ROCKPORT, Texas — Two years after Hurricane Harvey made landfall, the communities of Rockport and Fulton in Aransas County are still rebuilding.
But the area is ahead of schedule, when compared to other areas that have suffered similar disasters. That was the message at a meeting of federal and state agencies Monday in Rockport.
Representatives from the Federal Emergency Management Agency, the Texas General Land Office, as well as several other agencies discussed the region's recovery.
Aransas County officials say the federal government had a 10-year plan for rebuilding, but the County Judge wants it done in half the time.
“Within three years, we will be to what's the new normal,” said Burt Mills, Aransas County Judge. “We'll never be back to what it was, but we'll be back bigger and stronger than what it was.”
According to Mills. Aransas County has received more than $70 million in federal assistance, while the county hasn't spent a dime of its own money on recovery.
Meanwhile, some residents are still having trouble picking up the pieces after the storm; and they feel they've victims of a flawed system.
As recovery continues here in Rockport and Aransas County some two years after Hurricane Harvey, some of the hardest hit residents are starting to feel as if they're falling through the cracks.
Michelle Lewis lost her Calhoun County home in the storm. Since then, she and her husband have been living in a FEMA trailer at a Rockport RV park they own. But twice, Lewis has had to move out with little or no warning because the trailers became unlivable.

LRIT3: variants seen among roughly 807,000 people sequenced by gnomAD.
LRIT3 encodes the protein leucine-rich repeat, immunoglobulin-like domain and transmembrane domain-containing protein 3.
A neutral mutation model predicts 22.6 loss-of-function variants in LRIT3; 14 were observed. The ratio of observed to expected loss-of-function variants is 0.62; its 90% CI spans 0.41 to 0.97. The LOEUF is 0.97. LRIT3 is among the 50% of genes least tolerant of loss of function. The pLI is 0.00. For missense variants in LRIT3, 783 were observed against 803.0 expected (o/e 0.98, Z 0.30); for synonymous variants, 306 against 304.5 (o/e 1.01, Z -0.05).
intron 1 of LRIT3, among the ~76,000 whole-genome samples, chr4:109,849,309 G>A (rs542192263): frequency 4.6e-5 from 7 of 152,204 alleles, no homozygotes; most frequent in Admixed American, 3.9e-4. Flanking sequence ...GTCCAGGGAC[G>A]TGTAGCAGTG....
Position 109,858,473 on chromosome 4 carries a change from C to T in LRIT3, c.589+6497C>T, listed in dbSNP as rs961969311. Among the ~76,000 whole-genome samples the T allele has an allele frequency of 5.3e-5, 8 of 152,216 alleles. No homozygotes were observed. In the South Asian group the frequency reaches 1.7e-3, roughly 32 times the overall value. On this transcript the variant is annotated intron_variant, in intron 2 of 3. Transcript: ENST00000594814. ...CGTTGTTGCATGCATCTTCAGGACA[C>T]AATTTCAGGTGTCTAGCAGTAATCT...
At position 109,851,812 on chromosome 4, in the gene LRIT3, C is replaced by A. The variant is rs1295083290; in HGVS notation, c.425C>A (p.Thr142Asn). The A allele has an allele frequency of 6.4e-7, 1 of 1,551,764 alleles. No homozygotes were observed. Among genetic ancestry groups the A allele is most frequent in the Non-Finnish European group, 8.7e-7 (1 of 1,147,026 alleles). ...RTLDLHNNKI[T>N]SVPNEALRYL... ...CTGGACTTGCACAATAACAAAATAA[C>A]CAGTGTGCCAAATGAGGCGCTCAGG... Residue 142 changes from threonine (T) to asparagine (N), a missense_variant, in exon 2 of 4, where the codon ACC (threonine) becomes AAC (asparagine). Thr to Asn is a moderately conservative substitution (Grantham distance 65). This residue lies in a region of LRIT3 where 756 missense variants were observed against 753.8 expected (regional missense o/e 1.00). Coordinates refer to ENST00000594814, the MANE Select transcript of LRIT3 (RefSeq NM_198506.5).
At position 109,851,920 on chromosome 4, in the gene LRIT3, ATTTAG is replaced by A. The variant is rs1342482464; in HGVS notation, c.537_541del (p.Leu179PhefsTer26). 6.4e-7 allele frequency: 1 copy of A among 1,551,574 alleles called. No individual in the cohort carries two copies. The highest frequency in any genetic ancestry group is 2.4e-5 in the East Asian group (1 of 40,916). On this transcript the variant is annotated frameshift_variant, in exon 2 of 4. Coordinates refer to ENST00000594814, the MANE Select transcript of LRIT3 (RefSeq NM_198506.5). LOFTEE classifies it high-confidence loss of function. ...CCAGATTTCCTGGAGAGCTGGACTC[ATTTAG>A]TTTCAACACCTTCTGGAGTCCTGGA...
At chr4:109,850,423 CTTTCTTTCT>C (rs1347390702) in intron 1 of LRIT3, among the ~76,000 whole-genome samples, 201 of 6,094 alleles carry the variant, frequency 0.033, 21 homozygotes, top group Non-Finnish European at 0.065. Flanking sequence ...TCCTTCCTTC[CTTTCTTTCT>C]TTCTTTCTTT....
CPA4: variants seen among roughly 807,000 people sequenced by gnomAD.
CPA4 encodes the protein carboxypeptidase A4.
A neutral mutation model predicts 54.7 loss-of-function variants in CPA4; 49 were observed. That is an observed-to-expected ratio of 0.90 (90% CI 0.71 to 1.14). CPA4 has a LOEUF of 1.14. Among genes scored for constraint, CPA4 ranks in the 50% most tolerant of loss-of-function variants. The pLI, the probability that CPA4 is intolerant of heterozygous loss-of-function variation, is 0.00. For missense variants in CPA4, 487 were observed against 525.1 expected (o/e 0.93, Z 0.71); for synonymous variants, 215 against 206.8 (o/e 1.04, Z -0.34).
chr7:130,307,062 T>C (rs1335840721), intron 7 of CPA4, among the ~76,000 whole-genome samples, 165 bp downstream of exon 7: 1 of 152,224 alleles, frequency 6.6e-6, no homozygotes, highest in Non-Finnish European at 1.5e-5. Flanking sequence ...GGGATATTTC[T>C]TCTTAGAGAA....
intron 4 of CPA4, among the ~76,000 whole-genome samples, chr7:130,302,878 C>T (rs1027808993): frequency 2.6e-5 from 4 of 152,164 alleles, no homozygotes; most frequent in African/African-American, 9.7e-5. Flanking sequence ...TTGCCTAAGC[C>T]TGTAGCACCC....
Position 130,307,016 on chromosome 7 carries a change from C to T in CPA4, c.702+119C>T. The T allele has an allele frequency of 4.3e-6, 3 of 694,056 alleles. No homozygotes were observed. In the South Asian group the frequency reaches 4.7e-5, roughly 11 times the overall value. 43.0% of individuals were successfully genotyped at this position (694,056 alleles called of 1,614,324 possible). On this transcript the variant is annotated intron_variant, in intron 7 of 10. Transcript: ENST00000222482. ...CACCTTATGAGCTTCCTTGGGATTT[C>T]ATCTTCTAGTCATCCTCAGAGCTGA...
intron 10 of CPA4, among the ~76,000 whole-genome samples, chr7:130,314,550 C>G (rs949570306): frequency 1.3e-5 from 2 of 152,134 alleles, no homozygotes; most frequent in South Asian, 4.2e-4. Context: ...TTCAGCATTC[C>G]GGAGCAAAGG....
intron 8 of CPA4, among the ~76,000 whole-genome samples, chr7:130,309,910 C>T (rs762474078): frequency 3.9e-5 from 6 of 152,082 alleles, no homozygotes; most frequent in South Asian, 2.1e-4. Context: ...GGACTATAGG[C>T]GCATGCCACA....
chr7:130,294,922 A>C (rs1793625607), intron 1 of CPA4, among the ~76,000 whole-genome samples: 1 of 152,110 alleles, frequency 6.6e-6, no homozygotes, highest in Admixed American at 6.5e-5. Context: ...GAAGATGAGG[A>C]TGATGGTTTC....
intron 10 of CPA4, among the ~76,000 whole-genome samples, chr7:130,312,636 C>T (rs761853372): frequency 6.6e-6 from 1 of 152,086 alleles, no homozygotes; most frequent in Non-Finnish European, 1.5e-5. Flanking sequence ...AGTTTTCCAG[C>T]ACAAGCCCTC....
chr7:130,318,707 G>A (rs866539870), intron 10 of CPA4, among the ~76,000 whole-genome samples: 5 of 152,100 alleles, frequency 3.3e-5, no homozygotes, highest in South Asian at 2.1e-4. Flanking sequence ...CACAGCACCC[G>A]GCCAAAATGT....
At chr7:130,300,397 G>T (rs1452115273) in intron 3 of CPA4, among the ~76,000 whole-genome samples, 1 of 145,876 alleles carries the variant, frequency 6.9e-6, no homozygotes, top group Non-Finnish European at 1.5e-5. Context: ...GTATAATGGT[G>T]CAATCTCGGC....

“There's no tar paper on the roof,” said Lewis. “When it rains, the water comes straight through the walls and back behind the wallpaper.”
A FEMA representative said that even though Harvey assistance is wrapping up, the agency tries to make sure trailers are livable before delivery.
“These aren't always brand-new mobile homes, but they are always cleaned and readied, almost as if they're new,” said Remi Barron, FEMA External Affairs.
Lewis says the federal agency offered her another trailer, but that RV also had issues.
“(It was) roach and rat infested,” said Lewis. “It's totally not been cared for or cleaned.”
After two years, Lewis is afraid she won’t get much more help because in FEMA’s eyes, she’s not making progress towards a new home.
“FEMA tells us we're not making any progress,” said Lewis. “I can't make progress, the programs that were put in place are not working for us.”
Lewis says she's trying to rebuild. She wants to sell her property in Calhoun County, but that county isn't participating in a GLO sponsored buyout of properties in the flood plain. She also can't rebuild there because the property is in a floodway making it ineligible for the GLO’s Housing Assistance Program.
“Without that property being bought out or sold, which we're trying, I can't house myself,” said Lewis.
Lewis says she's contacted her elected representatives for help, but facing eviction from this trailer, she doesn't know when or if another will be delivered.
Barron says in situations like Lewis', FEMA tries to provide a new trailer "as soon as possible". In this couple's case, that new trailer should arrive before the end of the week.